Sometime in the 2010s a Sulphur-crested Cockatoo living in a sleepy suburb of Sydney, Australia, had a breakthrough. This bird, likely a large, dominant male, somehow figured out how to use its powerful beak to grip, pry and flip open the lids of garbage bins to look for food inside. The innovation soon sparked a trend that spread throughout the cockatoo population. Other birds from different suburbs devised their own styles of bin opening, which spread to become local subcultures: Cockatoos from different areas open bins in distinct ways. One neighborhood’s birds might use their beak to grip a bin’s handle, for instance, whereas another’s use their beak with one of their feet to grip the rim of its lid. Now new research illustrates how—by raiding garbage bins and trashing Sydney-area streets in the process—the cockatoos may have started an arms race with humans desperate to keep their neighborhoods clean.

Cockatoos are a type of parrot, and like crows, they are known to have a formidable bird brain. “[Parrots] are pretty cognitively flexible in terms of their problem-solving,” says Elizabeth Hobson, a behavioral ecologist at the University of Cincinnati, who was not involved in the new study. “They can learn from others, and they can innovate.”

This learning ability was highlighted in a 2021 paper that first documented the cockatoos opening bins in the suburbs of Sydney and nearby Wollongong, Australia. “We described [the behavior] in detail,” says Barbara Klump, a behavioral ecologist at the Max Planck Institute of Animal Behavior in Germany and lead author of both studies. With the new study, published today in Current Biology, Klump and her colleagues decided to focus on the human side of the story after witnessing residents trying to protect their bins. “I was amazed by how many different methods of protection there were,” she says.

The researchers ranked these methods by how much they involved altering the bin itself: A low-effort solution, such as a rubber snake on top, was given a rank of 2, whereas a heavy rock was classified as 3. And a high-effort, high-investment method, such as an attached weight, received a rank of 5. Klump and her team then mapped out the garbage bins and statistically analyzed their spatial network to show that, like the cockatoos, humans living closer together tended to share similar strategies. This result was backed up by resident surveys from 2019 and 2020, where 60 percent of the majority of respondents who picked up their method socially did so from neighbors.  Despite the potential to seek help from across Australia or even the world, thanks to the Internet, the Sydneysiders seemed to primarily look locally for solutions. “It’s really interesting that [the researchers] are seeing that,” Hobson says. It suggests the residents may be picking up defensive strategies passively rather than actively seeking help, she adds.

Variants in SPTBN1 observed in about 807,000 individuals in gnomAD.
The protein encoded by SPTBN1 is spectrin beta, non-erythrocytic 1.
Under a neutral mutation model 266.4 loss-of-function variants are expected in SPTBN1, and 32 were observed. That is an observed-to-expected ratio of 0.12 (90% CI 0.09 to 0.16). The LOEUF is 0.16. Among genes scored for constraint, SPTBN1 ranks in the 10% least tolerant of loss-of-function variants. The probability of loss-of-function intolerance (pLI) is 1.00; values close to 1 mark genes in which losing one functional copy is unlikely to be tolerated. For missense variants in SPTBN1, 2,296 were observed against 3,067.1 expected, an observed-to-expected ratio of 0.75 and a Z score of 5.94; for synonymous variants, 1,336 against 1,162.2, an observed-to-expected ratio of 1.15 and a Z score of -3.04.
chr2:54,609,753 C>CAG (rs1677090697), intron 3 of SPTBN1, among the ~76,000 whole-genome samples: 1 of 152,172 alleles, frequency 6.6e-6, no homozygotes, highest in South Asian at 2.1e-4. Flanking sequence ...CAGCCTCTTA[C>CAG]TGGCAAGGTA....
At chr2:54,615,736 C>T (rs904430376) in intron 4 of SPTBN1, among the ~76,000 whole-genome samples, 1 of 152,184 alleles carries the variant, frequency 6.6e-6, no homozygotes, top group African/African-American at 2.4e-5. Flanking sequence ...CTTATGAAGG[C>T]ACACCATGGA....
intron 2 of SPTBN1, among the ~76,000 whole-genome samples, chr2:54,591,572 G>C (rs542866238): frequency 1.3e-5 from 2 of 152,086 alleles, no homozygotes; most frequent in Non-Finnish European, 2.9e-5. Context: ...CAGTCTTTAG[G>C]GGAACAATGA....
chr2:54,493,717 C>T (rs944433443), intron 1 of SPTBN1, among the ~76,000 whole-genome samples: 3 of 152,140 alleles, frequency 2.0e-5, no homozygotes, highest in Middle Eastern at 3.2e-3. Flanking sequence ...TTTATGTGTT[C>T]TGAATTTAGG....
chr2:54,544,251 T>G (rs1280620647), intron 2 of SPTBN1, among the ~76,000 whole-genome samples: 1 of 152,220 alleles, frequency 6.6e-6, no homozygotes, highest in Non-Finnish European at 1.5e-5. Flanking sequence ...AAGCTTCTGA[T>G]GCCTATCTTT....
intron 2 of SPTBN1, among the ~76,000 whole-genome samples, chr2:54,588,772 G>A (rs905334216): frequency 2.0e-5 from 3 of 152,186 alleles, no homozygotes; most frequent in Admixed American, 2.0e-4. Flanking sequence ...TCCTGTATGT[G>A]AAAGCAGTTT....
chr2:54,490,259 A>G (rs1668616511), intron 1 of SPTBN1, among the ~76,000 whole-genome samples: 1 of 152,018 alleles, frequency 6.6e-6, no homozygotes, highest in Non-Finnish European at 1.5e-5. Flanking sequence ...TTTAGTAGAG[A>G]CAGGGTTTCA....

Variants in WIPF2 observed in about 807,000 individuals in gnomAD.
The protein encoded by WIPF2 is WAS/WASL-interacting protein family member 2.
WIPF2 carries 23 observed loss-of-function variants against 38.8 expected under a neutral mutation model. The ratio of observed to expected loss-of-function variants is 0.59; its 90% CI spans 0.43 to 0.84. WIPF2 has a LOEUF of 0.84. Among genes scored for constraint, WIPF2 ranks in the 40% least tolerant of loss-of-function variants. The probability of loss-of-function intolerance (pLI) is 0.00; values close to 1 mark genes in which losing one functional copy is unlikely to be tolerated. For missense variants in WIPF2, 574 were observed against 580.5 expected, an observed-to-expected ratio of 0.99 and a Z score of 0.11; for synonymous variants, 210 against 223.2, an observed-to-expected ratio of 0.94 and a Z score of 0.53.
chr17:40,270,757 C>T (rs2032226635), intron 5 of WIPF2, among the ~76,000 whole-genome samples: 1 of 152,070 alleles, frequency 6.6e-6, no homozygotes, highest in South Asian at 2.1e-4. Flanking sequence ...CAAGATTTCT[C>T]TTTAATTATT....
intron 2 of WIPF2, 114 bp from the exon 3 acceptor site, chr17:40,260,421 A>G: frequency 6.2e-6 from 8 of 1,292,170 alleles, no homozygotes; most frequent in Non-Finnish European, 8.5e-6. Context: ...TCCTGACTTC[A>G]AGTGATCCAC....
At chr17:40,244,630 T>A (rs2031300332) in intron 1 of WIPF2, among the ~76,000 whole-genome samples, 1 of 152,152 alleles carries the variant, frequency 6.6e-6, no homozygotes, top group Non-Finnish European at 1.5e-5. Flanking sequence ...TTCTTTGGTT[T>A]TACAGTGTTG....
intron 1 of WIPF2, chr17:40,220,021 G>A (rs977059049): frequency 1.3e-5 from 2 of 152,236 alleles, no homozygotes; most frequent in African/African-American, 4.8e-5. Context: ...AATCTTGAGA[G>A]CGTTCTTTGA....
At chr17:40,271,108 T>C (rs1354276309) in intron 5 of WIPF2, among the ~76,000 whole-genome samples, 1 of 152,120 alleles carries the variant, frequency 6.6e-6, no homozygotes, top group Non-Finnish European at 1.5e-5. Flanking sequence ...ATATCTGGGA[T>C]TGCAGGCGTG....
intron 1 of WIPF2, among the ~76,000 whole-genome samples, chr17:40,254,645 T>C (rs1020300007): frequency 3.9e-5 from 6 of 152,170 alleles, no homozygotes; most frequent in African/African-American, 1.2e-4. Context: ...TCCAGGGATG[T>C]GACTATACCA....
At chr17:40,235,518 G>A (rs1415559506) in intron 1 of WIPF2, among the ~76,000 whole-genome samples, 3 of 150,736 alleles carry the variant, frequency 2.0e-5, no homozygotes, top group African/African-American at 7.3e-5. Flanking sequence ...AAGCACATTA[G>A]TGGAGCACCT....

The new study also provides evidence of a potential “innovation arms race” between humans and the cockatoos, in which a behavioral change in one of the species leads to a new, socially learned response by the other, which itself prompts a response, and so on. The most common reason for changing a protection method that residents reported on the survey was that the cockatoos had worked out how to defeat their original strategy—for example, one cockatoo was caught on video nudging a brick off the top of a bin before confidently opening it, which the bird had presumably done many times before. Scientists have suspected for some time that such interspecies innovation arms races existed, but no one had really looked for one before, the researchers say. “I think [this study] is the first time that anyone has laid out what they would expect if [an innovation arms race] is occurring and tried to show it,” says Lucy Aplin, a behavioral ecologist at the Max Planck Institute for Animal Behavior and senior author of both studies. “We have indirect evidence that there’s an innovation arms race happening.”

To confirm an arms race raging in Greater Sydney, the researchers will need to go back to the birds. Now that they know cockatoos can defeat at least one human defense, they need a bird’s-eye view of an escalating back and forth. “We need to do more work to show how the birds are learning to defeat those measures,” Aplin says, “and whether they can also continue to respond ... as the humans increase the effectiveness” of their own strategies. Luckily, the Sydney-area community will likely welcome further work on this feathery face-off. “Everyone has an opinion on [the cockatoos],” Klump says. “The survey is actually running again this year, I think it's now the fourth year, and I'm always amazed how willing people are to still fill it in. I’m super grateful.”

Though these cockatoos’ charisma is undeniable, their clever behavior causes real harm: it costs time and money to clean trash from the streets, and it’s understandably annoying to have personal waste scattered around for all to see. In addition to testing for an innovation arms race and demonstrating how dynamic animal cultures can be, the research also has implications for how humans coexist with their animal neighbors. “This study is an illustration of how we need to consider animal behavior,” Aplin says. “If we respond to these nuisance behaviors, then we need to think carefully about how we respond.”

It’s an open question whether the human-cockatoo conflict will ever end, but for now, the struggle has one clear winner: science.